While the majority of runway shows and collections I discuss focus on fastidious detail and embellishments, sometimes it's nice to get back to the bear basic case in point Jacquemus. The French designer caused quite the stir at fashion week last season featuring a collaborative makeup look with Berlin-based artist Sebastian Bieniek as well as nods towards the #FreeTheNipple campaign. But before all of that there was simplicity, silhouettes and strong coats. While it would be tempting to place these pieces in a more artfully composed context and background that is the very reason why editorials exist. Instead Jacquemus lays his clothes bare worn simply with plain white Adidas sneakers (probably to the models' relief) and makeup au naturel. This simply enforces greater emphasis on the slightly exaggerated shapes and silhouettes of both the coats and floating panels on mesh. However, creating slightly bulky or cocoon-like hoods is nothing new. Japanese designers such as Hiroshige Maki, Rei Kawakubo and Yohji Yamamato have literally carried out this type of work for decades. Therefore I shall not praise Jacquemus as being progressive, but merely a continuation of these practitioners within a restrained colour palette and the addition of irregular shapes and patterns.
Dissecting the collection into sections according to colour not only allowed for the audience to sit and digest everything but a visual landscape when viewed at once. This is at the expense of being able to create a narrative which accompanies the clothes enhanced by music and set design. I can't even imagine the soundtrack that would follow the models as they move back and forth and I am in no way inclined to find out. Normally through a natural curiosity I am compelled to immerse myself in previous collections and watch old videos of a runway show but I am not filled with any real passion when viewing these clothes. Instead I view them objectively, like I would a set of data or other line of scientific evidence. It's only when I view them again in an editorial or photo shoot that I make any kind of emotional attachment with their strange silhouettes and other worldly shape. I think what was missing were cute pastel backgrounds and a metaphoric gold gilt frame with which to view these pieces. I can appreciate that this was not the intention of Jacquemus but it feels strange to see such vibrant clothes showcased in a dimensionless space.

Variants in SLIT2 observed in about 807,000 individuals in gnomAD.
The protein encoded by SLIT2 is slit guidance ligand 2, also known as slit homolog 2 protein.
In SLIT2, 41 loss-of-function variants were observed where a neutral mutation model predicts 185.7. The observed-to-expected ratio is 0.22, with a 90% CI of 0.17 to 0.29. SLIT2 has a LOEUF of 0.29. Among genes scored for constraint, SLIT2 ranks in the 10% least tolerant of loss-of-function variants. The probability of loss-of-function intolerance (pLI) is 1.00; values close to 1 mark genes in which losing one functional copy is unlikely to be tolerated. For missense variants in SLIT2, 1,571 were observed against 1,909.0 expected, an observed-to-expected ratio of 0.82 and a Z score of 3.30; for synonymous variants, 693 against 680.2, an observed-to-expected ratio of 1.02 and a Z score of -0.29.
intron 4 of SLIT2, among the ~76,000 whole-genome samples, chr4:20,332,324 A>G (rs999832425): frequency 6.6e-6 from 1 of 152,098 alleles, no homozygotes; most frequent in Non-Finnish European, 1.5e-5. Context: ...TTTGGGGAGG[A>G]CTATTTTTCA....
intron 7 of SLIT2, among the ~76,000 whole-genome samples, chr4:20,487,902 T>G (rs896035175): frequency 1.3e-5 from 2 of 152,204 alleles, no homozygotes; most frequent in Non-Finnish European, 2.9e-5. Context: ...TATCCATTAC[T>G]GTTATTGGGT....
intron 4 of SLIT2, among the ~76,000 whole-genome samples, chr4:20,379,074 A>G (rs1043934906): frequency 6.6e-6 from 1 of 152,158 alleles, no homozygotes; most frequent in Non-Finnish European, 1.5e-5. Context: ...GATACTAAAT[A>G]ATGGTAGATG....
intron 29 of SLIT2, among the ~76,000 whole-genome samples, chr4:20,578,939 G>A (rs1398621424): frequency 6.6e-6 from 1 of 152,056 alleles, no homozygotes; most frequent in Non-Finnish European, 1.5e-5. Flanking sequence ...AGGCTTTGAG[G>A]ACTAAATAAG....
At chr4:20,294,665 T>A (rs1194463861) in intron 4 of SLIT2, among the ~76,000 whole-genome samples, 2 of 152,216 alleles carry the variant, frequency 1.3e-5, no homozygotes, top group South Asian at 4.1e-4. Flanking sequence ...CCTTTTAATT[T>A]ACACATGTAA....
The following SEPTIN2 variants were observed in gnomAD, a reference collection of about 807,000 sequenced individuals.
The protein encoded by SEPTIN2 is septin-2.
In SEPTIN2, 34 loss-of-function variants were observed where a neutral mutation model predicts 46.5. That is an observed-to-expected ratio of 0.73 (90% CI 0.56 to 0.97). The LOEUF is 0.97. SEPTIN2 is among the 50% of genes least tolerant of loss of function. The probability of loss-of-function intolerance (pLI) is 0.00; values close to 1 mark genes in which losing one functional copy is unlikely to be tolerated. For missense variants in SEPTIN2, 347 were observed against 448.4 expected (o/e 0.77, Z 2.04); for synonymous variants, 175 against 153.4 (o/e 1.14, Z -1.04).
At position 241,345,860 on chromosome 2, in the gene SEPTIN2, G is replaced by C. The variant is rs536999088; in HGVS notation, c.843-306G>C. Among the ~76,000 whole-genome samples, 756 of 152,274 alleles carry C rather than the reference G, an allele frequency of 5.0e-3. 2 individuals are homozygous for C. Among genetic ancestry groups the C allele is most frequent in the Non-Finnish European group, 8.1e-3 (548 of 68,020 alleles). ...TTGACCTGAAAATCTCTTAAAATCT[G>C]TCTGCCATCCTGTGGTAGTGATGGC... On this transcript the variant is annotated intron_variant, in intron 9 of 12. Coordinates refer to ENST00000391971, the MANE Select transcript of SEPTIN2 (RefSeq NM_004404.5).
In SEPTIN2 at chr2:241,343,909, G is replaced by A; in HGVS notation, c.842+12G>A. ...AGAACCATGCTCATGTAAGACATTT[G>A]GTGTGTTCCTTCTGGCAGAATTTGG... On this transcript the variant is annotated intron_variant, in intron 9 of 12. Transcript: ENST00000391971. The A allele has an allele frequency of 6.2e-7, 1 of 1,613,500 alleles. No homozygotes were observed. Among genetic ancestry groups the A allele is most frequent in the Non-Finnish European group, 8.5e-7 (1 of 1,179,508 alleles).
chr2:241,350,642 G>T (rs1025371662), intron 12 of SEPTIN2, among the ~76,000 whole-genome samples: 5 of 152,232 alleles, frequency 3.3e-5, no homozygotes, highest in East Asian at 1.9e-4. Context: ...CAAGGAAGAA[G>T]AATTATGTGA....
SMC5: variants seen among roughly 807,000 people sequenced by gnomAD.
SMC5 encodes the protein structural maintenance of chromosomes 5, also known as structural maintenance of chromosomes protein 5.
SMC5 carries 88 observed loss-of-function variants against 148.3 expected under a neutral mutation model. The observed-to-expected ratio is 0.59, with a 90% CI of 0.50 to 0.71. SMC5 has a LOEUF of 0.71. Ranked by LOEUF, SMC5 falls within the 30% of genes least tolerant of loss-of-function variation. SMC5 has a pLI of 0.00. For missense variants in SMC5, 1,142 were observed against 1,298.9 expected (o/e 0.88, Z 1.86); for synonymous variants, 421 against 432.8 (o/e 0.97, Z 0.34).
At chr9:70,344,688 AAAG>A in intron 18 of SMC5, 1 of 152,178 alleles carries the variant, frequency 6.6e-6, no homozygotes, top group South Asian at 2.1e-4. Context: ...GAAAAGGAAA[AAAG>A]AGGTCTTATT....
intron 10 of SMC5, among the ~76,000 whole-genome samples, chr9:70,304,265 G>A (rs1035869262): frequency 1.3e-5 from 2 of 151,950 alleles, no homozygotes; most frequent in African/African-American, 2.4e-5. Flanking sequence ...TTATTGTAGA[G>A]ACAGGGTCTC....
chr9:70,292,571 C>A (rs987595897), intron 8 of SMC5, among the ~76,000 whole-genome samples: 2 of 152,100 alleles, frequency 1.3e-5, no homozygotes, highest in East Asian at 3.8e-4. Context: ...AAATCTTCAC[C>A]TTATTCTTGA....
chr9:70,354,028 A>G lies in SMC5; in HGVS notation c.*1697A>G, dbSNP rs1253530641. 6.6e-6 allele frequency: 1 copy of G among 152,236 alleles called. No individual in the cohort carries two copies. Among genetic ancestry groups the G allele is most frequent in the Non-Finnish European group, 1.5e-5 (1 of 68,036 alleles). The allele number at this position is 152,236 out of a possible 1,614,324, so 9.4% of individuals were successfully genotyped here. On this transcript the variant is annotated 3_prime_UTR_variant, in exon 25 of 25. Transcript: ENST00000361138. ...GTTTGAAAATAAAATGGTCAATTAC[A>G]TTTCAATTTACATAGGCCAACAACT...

The clothes themselves were interesting, but as I mentioned before one can't help but feel like this as all too familiar and a gentrified rehash of the innovations of Japanese designers. Pieces such as the turtleneck with two neck holes which can be worn a number of ways is sadly nothing new and flattened statement seams were also akin to the 2D Comme des Garcons pieces everyone frantically searches for online. All this without the same makeup and hair styling Rei Kawakubo insists upon as a necessity to the experience of her show made Jacquemus pale in comparison. While the suits and dresses did offer something different the coat shape, structural integrity and collars were all pieces I felt I had seen before, merely in a new selection of colours. What is interesting is that these clothes demand a minimalist approaching to styling but a hefty dry cleaning bill and loads of space for storage. In a way they are nothing more than an ideal rather than something which can exist in the real world, although my favourite Susie Bubble was captured wearing the coat from the final look and did an exceptional job.
Images via Fashion Glossary UK